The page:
A role model departs

Long-time Buffalo sports journalist served as my role model

Something really stopped me last week.

Not the occasion of a birthday, for there’s one of those every year and it always happens to fall during a busy time where there’s little chance to really kick back and enjoy things, not with the deluge of games, tournaments and meets to keep up with.

It was something else, sad news from where I grew up. Larry Felser, the longtime writer and columnist for the Buffalo News, passed away at age 80. Just like that, a large and important part of my childhood and development was gone.

Far too many sports journalists in Western New York have left us in the last few years. Jim Kelley, Tom Borrelli, Allen Wilson – these were all dedicated reporters, knowledgeable and passionate about sports, and by all accounts great people who left long before their time.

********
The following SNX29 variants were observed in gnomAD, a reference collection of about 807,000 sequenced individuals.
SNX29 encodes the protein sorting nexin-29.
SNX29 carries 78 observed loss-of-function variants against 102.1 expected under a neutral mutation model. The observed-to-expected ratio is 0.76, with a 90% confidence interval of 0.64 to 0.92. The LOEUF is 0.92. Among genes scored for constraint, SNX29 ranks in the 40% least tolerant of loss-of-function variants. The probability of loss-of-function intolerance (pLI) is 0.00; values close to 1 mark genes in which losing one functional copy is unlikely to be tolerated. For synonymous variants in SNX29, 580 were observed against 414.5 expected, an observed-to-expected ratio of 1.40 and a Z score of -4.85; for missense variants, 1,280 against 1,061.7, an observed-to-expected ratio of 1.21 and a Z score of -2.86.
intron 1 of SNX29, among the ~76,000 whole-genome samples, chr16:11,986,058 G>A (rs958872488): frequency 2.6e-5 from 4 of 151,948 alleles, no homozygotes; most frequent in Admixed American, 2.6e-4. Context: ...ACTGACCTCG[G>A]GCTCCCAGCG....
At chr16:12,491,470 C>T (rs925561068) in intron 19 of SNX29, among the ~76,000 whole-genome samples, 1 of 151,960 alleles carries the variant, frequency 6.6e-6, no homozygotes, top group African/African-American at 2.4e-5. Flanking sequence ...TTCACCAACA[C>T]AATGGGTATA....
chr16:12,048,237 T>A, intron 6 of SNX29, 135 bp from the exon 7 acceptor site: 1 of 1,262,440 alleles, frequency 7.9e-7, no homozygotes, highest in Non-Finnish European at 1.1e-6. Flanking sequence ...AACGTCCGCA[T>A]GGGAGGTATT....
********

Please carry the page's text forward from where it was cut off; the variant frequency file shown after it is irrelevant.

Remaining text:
But Larry Felser was something else. He was, quite simply, the person I wanted to be as a child, the beacon to which I turned when in search of a way to make a decent living, back when this business could bring a decent living.

To understand this, you must follow me back to a somewhat idealistic childhood, mostly spent in the Buffalo suburb of Cheektowaga. Like each place and period, it had its own distinct rhythms and patterns, and one of those routines was picking up the Buffalo News every weekday afternoon, and weekend morning.

Sports nut that I was, inevitably I go to the sports section, to read about the Bills, Sabres, Bisons or some other topic that cropped up. Inevitably, the face at the top left corner, the main column, belonged to Felser, spreading his unmatched knowledge of the Buffalo sports scene, and the NFL, to tens of thousands of readers seven days a week.

That’s important to understand – Felser was a columnist, yes, but he knew his stuff. He didn’t offer forceful opinions at every turn, but when he did, they were taken seriously, and he had an innate fairness sorely lacking in today’s sports media culture where noise and negativity count for more than wisdom and perspective.

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